Analy High School - Azalea Yearbook (Sebastopol, CA)

 - Class of 1917

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Analy High School - Azalea Yearbook (Sebastopol, CA) online yearbook collection, 1917 Edition, Cover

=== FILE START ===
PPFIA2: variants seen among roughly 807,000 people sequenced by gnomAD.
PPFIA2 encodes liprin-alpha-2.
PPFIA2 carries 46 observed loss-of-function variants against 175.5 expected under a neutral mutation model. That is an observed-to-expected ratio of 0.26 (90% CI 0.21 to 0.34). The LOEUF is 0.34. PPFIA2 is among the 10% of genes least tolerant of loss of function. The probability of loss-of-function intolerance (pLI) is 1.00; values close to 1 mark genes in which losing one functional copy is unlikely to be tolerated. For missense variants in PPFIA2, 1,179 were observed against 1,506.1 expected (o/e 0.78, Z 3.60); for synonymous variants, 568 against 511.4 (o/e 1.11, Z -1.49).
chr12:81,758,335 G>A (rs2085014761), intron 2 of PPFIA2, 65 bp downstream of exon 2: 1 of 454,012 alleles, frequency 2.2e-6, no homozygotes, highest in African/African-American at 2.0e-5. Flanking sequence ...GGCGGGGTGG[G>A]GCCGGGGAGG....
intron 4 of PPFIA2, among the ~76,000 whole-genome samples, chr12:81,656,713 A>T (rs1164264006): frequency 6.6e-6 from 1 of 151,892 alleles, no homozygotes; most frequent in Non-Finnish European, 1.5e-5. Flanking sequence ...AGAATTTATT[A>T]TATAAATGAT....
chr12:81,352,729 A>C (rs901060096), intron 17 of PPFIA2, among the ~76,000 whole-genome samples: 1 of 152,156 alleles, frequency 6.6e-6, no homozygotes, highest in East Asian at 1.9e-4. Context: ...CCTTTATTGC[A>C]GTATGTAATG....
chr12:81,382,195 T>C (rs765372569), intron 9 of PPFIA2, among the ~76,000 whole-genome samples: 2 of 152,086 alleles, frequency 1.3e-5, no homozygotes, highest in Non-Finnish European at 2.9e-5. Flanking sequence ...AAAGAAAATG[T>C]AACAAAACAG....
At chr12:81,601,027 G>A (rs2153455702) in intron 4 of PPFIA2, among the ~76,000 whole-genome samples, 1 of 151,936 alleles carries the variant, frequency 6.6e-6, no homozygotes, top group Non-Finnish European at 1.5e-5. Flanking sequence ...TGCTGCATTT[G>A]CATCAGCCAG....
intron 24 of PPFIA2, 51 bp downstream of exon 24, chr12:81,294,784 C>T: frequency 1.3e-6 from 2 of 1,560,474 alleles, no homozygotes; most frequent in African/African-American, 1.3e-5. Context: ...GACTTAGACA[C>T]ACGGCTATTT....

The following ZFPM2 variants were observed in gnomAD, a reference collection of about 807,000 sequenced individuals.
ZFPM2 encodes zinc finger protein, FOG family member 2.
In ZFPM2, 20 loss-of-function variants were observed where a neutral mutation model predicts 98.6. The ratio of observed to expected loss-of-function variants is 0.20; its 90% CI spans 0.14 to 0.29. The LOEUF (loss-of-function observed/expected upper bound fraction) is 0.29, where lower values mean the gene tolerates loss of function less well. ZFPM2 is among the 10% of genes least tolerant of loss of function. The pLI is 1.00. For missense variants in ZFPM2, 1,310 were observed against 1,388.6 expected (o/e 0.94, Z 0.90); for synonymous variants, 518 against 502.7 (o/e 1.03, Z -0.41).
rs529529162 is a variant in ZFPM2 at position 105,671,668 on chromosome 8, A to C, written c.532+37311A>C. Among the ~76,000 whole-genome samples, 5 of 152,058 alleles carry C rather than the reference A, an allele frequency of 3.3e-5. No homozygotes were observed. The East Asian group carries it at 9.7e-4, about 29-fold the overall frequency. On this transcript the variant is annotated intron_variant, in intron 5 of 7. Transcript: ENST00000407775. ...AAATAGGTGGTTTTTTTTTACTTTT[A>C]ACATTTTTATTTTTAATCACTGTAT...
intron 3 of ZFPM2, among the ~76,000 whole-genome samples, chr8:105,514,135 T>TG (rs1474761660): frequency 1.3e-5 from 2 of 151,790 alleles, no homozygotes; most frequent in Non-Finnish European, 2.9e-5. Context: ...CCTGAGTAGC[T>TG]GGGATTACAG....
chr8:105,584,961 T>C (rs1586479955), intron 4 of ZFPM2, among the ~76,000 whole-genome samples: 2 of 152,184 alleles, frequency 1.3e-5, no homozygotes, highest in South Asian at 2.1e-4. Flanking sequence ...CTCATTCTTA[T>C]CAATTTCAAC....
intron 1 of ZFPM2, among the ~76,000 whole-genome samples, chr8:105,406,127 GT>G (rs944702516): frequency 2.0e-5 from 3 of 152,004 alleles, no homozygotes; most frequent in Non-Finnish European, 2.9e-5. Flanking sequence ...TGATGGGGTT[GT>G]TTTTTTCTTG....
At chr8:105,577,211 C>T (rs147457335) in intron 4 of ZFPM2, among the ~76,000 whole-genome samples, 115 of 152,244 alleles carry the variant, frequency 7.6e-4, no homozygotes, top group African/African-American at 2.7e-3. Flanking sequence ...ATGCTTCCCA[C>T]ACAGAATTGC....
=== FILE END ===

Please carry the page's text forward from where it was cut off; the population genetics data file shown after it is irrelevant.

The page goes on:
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Text from Pages 1 - 120 of the 1917 volume: